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14 Chapter 2
Configuring Virtual Desktop Infrastructure Servers
When the thin client boots, it accesses the INI files from a Virtual Desktop Infrastructure
(VDI) server. VDI servers are available through DHCP vendor option 188 (see
"Configuring DHCP").
The thin client communicates with a Virtual Desktop Broker server by the sysinit,
signon, signoff, and shutdown commands. When the thin client boots and
successfully connects in a Virtual Desktop environment, it sends the sysinit command
to the Virtual Desktop Broker, which then sends back the wnos.ini file (if a broker
connection cannot be made, the thin client will attempt to connect to an FTP or PNLite
server). After the thin client successfully receives the wnos.ini from the Virtual Desktop
Broker, a sign-on window displays, prompting the user for username and password
credentials. The thin client then sends the signon command to the Virtual Desktop
Broker with the username and password as its parameter. If the sign-on is successful, the
Virtual Desktop Broker server will send back the {username}.ini file (if the sign-on is
unsuccessful, the user is prompted again for username and password credentials). The
signoff command will be sent when a user disconnects from the connection. The
shutdown command will be sent when a user turns off the thin client power.
Configuring XenDesktop Support
XenDesktop is supported in Wyse ThinOS versions 6.2 and later without the need to use a
Web browser. To connect to XenDesktop, do not use the VDI Broker parameter. Instead,
use the same parameter and configuration that is used when connecting to a PNAgent/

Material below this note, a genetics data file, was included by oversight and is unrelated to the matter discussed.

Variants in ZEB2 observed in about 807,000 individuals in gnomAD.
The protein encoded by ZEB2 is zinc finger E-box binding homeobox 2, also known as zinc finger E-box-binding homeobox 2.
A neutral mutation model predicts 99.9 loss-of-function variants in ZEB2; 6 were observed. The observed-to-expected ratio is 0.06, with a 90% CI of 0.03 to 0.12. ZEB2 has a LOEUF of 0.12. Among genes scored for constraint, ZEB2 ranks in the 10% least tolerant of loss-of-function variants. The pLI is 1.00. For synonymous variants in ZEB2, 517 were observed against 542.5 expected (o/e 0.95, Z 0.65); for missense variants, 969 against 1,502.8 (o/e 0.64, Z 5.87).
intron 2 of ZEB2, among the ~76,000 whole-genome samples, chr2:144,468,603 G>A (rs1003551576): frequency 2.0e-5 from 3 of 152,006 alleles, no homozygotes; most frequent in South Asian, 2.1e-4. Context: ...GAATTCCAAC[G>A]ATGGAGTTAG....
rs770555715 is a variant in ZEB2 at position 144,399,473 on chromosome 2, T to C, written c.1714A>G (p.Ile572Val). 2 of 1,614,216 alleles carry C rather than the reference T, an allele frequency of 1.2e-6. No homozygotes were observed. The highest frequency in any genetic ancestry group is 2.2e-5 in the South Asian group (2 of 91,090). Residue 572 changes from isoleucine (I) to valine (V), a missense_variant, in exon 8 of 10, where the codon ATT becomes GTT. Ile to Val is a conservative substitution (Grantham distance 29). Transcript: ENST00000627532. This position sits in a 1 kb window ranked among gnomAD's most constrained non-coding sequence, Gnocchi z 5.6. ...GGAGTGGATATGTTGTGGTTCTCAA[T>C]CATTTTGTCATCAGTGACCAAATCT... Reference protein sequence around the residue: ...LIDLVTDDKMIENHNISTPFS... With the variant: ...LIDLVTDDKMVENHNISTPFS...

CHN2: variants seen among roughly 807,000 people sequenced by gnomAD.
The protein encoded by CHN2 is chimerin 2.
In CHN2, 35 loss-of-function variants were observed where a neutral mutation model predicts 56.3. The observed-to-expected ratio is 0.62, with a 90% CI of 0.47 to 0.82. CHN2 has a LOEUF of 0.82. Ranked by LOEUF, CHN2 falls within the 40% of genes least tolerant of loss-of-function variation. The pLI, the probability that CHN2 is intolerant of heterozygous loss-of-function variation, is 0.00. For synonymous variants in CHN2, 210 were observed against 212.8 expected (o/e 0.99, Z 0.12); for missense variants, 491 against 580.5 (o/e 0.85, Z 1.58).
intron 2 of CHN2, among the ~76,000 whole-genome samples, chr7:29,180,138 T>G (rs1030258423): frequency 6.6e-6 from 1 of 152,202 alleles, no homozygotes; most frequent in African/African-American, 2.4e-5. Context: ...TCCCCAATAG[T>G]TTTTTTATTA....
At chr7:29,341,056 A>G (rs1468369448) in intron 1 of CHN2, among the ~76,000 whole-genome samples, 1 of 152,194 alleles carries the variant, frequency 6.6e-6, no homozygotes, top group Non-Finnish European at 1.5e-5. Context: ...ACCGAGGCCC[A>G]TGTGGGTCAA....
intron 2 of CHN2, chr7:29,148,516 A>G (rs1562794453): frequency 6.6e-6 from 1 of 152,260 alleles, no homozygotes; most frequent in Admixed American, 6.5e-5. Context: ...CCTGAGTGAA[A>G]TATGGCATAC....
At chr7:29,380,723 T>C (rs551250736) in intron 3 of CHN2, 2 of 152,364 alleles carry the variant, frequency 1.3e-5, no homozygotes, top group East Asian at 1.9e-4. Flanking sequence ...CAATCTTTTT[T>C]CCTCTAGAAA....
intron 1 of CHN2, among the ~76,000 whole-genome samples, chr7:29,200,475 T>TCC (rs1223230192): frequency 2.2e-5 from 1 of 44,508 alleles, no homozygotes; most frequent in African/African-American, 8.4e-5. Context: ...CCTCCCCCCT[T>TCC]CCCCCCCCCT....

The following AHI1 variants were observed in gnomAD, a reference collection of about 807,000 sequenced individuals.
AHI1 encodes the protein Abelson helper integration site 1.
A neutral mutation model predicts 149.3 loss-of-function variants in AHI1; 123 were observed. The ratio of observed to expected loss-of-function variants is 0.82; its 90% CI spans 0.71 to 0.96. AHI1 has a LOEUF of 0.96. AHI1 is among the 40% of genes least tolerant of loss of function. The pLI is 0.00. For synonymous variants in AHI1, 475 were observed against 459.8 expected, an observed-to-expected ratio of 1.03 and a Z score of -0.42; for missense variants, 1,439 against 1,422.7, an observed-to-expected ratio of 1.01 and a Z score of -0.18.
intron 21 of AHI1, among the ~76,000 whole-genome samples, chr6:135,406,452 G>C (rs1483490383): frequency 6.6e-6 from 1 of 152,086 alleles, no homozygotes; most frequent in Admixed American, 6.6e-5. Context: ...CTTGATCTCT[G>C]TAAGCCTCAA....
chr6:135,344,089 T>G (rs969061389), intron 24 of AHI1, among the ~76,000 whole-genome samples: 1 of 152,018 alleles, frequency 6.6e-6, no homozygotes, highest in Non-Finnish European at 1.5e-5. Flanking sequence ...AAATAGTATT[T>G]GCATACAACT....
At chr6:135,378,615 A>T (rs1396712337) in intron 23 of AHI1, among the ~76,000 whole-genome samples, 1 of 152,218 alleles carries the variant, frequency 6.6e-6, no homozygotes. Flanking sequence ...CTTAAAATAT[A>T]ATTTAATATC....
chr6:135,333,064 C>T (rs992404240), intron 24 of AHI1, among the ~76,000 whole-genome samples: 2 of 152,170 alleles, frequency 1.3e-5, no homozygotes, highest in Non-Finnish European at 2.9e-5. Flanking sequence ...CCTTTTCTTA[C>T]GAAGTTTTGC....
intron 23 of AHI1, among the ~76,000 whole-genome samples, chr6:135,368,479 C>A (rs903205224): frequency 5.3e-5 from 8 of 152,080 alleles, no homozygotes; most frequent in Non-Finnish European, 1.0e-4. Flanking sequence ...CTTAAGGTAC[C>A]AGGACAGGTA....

Lite server.
Configuring DHCP
Before you use the information in this section to configure your DHCP server, be sure you
understand and use the following guidelines:
General Guidelines - The DHCP service provides all thin clients on the network with
their IP addresses and related network information when the thin clients boot. DHCP
also supplies the IP address and directory path to the thin client software images and
user profiles located on the file servers.
Use of DHCP is recommended. However, if a DHCP server is not available, fixed IP
addresses can be assigned (this does, however, reduce the stateless functionality of
the thin clients) and the fixed IP addresses must be entered locally for each device
using the thin client Network Setup dialog box as described in "FTP Server Available
(DHCP Server Unavailable)" and "Virtual Desktop Server Available (DHCP Server
Unavailable)").
Many DHCP options correspond to places in the network configuration UI where the
thin client user can enter information manually. Be aware that wherever there is
information in the UI and the thin client receives information about the same function
from one or more DHCP options, the information received from the DHCP server will
replace the information contained in the UI. However, if the thin client does not receive
information from the DHCP server about a particular function, the information manually
entered in the UI will remain and will be used.
LPD Print Server Guidelines - If a particular thin client is to function as an LPD print
server, it can be assigned a fixed IP address. However, you can also guarantee that an
LPD server will always have the same IP address by making a reservation for that thin
client in the DHCP server. In that way, you can preserve the stateless nature of the thin
client and still guarantee a fixed address for the server. In fact, you can assign a
symbolic name to the reservation address so that other thin clients can reference the
LPD server by name rather than by static IP address (the symbolic name must be
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